to provide Free Software is for everyone. Our goal is to be empower the
individual through our software, regardless of peoples wealth, background,
or ethnicity. We offer everyone a stake in the future, a future which
promises to be filled with digital communications, and increasing
dependency on computers for our daily living. Digital devices are the
future for education, entertainment and all of our information needs.

The mass murderers who attacked my city, a city of immigrants, tolerance,
and fruitful co-existence, these murderers are believers in ethnic
purity and religious autocracy. They attack us out of fear of our
open door, of our tolerance, and of our freedom. In the same vein,
those who use software to exploit people, to manipulate them , and to
limit our potential as a civilization, these are individuals who wish
to autocratically decide what we can read, what we can listen to and
how we share. They abuse their copyright monopolies and are attempting to
prevent the private ownership of computers and software. They strike
with ferocity at Free Software. They intend to undermine our freedom
and our open markets. They jail us for reverse engineering our systems,
alter formats to limit our access to their systems, spread lies about
the benefits of our products, and then they wrap the entire process in
the flag, claiming that they are the righteous victims. These copyright
monopoly tyrants claim that they are threatened, and weak. They cry
that they need government protection from the public with wiretapping,
forced contacts, and police action. And we as a free people are standing
here together, shoulder to shoulder, to say that we are not going to take
it anymore.

It's the responsibility of every Free Software user, and every Free
Software developer to encourage individual empowerment by demanding a free
platforms for our communication infrastructure. We must reach out to the
disenfranchised, those of us who, through circumstance are left out of
the main stream economy, or who are marginalized by racism, or national
origin. We should reach out to those who have not had the opportunity
to fulfill their true potential. Individuals and nations which live
in poverty and disease, and the children in our cities, and around the
world, can only be guaranteed the opportunity to improve their lives and
their legacy if they can live in freedom. Proprietary software models
can never provide for us the freedom necessary for self empowerment.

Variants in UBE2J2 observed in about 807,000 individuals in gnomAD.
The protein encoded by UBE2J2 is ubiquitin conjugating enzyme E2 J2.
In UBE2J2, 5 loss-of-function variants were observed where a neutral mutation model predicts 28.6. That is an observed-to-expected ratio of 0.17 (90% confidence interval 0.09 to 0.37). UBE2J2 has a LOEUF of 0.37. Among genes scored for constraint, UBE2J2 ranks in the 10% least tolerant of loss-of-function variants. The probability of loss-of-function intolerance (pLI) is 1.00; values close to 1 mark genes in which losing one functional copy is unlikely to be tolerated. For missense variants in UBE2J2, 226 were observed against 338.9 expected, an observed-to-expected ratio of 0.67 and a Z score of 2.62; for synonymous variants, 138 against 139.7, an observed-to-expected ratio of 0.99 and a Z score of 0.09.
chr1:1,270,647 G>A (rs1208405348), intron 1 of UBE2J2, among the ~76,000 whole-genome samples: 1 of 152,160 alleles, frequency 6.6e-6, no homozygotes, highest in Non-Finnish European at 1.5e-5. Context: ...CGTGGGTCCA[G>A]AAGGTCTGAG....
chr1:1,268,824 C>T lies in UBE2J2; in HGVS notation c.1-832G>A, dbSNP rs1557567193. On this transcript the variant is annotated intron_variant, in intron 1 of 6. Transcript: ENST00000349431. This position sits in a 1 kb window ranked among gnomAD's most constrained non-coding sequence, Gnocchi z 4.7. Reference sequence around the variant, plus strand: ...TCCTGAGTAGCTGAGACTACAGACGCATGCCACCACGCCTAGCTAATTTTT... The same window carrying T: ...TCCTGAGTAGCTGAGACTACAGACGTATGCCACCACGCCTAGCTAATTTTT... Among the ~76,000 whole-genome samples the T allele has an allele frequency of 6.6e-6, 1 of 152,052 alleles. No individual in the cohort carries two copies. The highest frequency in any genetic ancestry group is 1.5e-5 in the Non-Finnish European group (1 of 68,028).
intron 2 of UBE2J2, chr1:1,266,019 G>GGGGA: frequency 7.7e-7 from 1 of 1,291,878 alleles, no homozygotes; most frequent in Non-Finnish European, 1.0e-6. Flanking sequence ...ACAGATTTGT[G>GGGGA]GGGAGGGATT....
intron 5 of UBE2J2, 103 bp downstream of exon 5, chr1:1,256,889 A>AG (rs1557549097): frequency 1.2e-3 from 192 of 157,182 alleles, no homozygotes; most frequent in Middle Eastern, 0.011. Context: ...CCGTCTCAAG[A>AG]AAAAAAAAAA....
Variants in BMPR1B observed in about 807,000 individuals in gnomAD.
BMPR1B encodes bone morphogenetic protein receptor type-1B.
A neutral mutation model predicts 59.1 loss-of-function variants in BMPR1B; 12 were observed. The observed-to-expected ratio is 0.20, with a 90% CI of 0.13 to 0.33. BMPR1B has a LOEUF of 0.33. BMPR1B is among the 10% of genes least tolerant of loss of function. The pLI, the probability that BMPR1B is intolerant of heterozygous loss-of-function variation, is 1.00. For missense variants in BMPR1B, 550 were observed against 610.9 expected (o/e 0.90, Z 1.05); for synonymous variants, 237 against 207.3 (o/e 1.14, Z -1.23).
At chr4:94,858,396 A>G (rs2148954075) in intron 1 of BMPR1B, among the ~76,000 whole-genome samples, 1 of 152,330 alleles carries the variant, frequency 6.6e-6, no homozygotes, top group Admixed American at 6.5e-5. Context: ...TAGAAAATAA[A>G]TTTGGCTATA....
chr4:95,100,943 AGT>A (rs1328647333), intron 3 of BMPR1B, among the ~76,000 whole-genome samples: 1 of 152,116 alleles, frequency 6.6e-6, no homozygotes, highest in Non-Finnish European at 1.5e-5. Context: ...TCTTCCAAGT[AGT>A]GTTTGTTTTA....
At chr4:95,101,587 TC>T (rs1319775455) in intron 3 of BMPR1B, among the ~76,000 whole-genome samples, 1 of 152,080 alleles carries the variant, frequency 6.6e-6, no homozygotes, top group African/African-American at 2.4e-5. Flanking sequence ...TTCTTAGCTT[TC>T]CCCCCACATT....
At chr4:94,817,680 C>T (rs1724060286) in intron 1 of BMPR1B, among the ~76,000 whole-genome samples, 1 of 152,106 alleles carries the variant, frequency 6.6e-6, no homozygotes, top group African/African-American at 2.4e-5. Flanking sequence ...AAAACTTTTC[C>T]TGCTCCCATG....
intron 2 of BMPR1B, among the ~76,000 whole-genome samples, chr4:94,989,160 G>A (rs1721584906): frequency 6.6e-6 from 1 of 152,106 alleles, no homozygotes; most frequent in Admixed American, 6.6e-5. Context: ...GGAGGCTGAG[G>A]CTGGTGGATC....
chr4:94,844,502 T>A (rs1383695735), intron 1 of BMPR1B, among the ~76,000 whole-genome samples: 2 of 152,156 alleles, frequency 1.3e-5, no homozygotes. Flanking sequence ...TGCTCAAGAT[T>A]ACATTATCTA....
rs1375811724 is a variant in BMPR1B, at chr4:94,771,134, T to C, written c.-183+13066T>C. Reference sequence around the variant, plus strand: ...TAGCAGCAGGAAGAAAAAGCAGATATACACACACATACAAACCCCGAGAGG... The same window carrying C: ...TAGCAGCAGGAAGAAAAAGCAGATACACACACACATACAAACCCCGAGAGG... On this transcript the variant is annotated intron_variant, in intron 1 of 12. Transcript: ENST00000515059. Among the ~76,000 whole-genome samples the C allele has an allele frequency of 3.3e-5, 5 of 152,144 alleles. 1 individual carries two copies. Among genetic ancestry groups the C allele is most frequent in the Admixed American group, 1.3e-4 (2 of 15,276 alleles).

And government policies, such as the American Digital Millennium Copy
Right act, can only be used to further exploit all of us, especially the
poor. It prevents free trade and fair competition. It limits economic
growth and it is stifling creativity. All non-free software systems
prevent participation by all, reserving the benefits of development and
publication to a few undeserving software firms, movie produces and
music distributors, at the expense of our economy and political freedom.

Nearly every economist worth of their title will admit that the driving
force behind economic growth is not through corporate giants. It is
small and medium size businesses which drive the economy. Individual in
their local areas employ more people and generate more wealth, than Ford
or Sony. These hard working and creative people produce the goods and
services which drive our free economy. How can we expect the budding
graphic artists, book seller, and industrialists to develop our future
economy without providing the opportunity to create and exploit new
technologies in their communities. In fact, all the major industries
of today originated as small businesses at great risk to the individual
businessmen. Our car industry sprang forth from creative experimentation
in barns across the West. Our airline industry developed from adventurous
mechanics who learned from each others failures and successes. Our media
giants sprang from small time movie produces and radio broadcasters. And
each of these success stories underline the need for education, shared
experience, and free competition.

Isaac Newton correctly observed that his insights and brilliance was
only possible because of the knowledge learned by his colleagues and
predecessors. Mankind's unique ability to create is actually grounded in
our ability to adapt new applications onto existing ideas. Shakespeare,
by the standards that todays media mongrols would have us to believe, is a
theif. He lifted ideas and stories from Marlow and writers before him.
And yet, Shakespeare is clearly unique, and simply reused the material
around him for form new creations. Jazz music, and rap similarly reuse

We stand here today at the infancy of the digital communications
revolution. Can we have any doubt that in the future nearly all music,
literature and works of non-fiction will by available mostly through
digital means? Under these conditions, can there be any doubt that our